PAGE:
FOR IMMEDIATE RELEASE | September 17, 2007
Three nutritional cheers for Dr. Ceballos’ new cassava
A food called yucca (YOU-ka) may sound like a great big “yukk!” to people in the United States. But yucca, or cassava (ca-SAH-va), is the most popular veggie for millions of people in Africa, Central America, China, and other countries. Cassava is their potato. Like potatoes, cassava can be fried to make French fries, boiled, or baked. Cassava also can be pounded into flour to make delicious breads and desserts.
In some countries, people eat cassava every day. It is their main source of energy-rich starch, or carbohydrate. Although very popular, cassava is not the most nutritious food.
That can be a big problem in poorer countries, where children must eat cassava or go hungry.
A new study in the American Chemical Society’s Journal of Agricultural and Food Chemistry, a magazine for scientists, describes a discovery that could help make cassava dishes more nutritious.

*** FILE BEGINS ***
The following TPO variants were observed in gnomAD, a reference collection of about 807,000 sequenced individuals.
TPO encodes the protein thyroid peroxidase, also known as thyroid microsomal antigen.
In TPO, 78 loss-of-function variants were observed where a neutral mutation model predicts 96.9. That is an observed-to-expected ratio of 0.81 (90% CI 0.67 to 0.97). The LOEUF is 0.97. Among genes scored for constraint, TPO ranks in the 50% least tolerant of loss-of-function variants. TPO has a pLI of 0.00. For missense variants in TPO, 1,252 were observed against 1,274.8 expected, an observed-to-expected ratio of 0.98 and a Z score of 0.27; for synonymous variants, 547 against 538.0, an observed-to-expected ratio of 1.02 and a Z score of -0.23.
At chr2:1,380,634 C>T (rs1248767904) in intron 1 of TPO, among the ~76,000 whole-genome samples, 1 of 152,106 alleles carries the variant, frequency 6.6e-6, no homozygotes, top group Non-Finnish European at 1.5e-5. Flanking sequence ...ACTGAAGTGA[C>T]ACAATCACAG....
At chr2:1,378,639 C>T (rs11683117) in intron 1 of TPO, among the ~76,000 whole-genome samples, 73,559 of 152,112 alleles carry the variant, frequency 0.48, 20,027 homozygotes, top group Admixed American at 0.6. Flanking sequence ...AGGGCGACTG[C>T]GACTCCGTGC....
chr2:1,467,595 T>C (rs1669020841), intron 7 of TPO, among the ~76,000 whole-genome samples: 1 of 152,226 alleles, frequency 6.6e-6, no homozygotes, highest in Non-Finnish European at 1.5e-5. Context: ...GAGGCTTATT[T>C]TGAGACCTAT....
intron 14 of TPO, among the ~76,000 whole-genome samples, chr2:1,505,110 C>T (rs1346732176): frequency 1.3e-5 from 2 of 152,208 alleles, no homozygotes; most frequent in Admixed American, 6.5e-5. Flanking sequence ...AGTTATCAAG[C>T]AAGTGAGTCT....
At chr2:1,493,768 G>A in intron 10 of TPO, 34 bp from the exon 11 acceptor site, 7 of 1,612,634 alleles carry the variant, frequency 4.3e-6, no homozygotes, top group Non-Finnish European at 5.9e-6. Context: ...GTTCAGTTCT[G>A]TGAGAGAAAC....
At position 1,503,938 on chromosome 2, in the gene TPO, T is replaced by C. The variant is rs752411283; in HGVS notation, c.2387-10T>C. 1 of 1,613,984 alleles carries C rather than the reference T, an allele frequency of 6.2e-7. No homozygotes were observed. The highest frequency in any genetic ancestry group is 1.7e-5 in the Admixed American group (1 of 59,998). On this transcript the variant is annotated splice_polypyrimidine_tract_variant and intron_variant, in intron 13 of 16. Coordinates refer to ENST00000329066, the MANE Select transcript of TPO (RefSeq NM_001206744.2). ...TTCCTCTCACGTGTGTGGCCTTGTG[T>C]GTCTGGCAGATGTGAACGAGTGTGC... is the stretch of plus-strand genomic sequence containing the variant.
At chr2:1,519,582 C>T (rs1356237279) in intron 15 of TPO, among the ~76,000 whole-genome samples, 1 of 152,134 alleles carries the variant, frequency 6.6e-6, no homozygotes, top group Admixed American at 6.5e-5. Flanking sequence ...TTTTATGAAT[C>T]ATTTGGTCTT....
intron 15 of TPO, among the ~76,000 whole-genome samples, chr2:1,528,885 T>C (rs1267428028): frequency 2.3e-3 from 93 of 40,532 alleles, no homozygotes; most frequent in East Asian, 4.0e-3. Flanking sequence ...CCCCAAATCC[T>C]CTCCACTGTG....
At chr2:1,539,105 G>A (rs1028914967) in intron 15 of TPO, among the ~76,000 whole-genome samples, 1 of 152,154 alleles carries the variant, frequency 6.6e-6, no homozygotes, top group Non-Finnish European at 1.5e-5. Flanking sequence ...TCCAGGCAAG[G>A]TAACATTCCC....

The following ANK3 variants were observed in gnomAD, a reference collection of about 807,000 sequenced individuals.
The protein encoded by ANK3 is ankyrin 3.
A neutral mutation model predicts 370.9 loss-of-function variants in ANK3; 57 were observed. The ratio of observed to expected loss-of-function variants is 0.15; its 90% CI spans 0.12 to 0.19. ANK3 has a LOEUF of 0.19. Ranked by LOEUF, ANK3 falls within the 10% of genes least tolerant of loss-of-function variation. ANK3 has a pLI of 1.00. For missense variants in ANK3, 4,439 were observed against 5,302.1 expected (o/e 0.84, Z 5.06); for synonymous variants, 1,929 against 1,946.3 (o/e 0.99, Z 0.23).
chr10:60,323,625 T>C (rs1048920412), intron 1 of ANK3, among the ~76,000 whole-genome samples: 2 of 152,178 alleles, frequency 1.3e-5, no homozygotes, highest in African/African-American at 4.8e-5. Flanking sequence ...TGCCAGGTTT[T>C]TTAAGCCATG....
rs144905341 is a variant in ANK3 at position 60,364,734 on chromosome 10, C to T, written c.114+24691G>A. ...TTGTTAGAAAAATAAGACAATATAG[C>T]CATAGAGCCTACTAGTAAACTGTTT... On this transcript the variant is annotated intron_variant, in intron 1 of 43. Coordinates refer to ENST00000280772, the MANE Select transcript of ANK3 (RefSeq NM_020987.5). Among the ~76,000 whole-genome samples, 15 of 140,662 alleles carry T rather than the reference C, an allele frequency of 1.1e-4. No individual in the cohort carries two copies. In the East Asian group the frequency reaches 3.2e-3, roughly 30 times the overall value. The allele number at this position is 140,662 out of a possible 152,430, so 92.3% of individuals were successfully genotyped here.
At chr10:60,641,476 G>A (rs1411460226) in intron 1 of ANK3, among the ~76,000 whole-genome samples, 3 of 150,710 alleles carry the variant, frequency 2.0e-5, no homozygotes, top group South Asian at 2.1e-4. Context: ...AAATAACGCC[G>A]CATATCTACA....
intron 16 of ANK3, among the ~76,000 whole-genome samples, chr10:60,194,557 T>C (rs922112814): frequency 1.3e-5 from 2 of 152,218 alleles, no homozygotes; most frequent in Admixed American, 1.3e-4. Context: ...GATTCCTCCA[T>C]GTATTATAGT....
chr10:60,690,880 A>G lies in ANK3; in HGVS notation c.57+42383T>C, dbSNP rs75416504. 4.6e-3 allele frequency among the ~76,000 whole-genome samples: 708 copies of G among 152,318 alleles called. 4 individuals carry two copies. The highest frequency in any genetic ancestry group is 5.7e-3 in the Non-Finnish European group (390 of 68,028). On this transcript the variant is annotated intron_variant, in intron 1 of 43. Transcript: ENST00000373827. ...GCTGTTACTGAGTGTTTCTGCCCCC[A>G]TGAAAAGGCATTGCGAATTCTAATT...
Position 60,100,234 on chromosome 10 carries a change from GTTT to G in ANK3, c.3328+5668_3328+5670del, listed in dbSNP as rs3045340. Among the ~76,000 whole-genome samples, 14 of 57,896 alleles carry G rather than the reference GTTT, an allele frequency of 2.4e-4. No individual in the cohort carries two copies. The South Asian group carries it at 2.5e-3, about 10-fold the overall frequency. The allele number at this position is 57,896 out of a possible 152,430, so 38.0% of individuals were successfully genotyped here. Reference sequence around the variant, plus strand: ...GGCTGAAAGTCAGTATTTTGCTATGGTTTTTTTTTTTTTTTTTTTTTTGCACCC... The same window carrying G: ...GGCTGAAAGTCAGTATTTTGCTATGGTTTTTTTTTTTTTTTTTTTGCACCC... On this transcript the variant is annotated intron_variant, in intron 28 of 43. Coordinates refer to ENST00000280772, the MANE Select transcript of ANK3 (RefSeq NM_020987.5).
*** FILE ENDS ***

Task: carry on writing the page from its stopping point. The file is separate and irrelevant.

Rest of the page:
Dr. Hernan Ceballos, a scientist at the International Center for Tropical Agriculture in Cali, Columbia, did the study. He discovered a new kind of cassava that is healthier to eat. People can digest more of the starch in this cassava, and that makes it more nutritious as a food. If Dr. Ceballos’ cassava catches on, it could mean better health for millions of people.
The American Chemical Society — the world’s largest scientific society — is a nonprofit organization chartered by the U.S. Congress and a global leader in providing access to chemistry-related research through its multiple databases, peer-reviewed journals and scientific conferences. Its main offices are in Washington, D.C., and Columbus, Ohio.
For a full text of Ceballos’ paper, “Discovery of an Amylose-free Starch Mutant in Cassava (Manihot esculenta Crantz)”: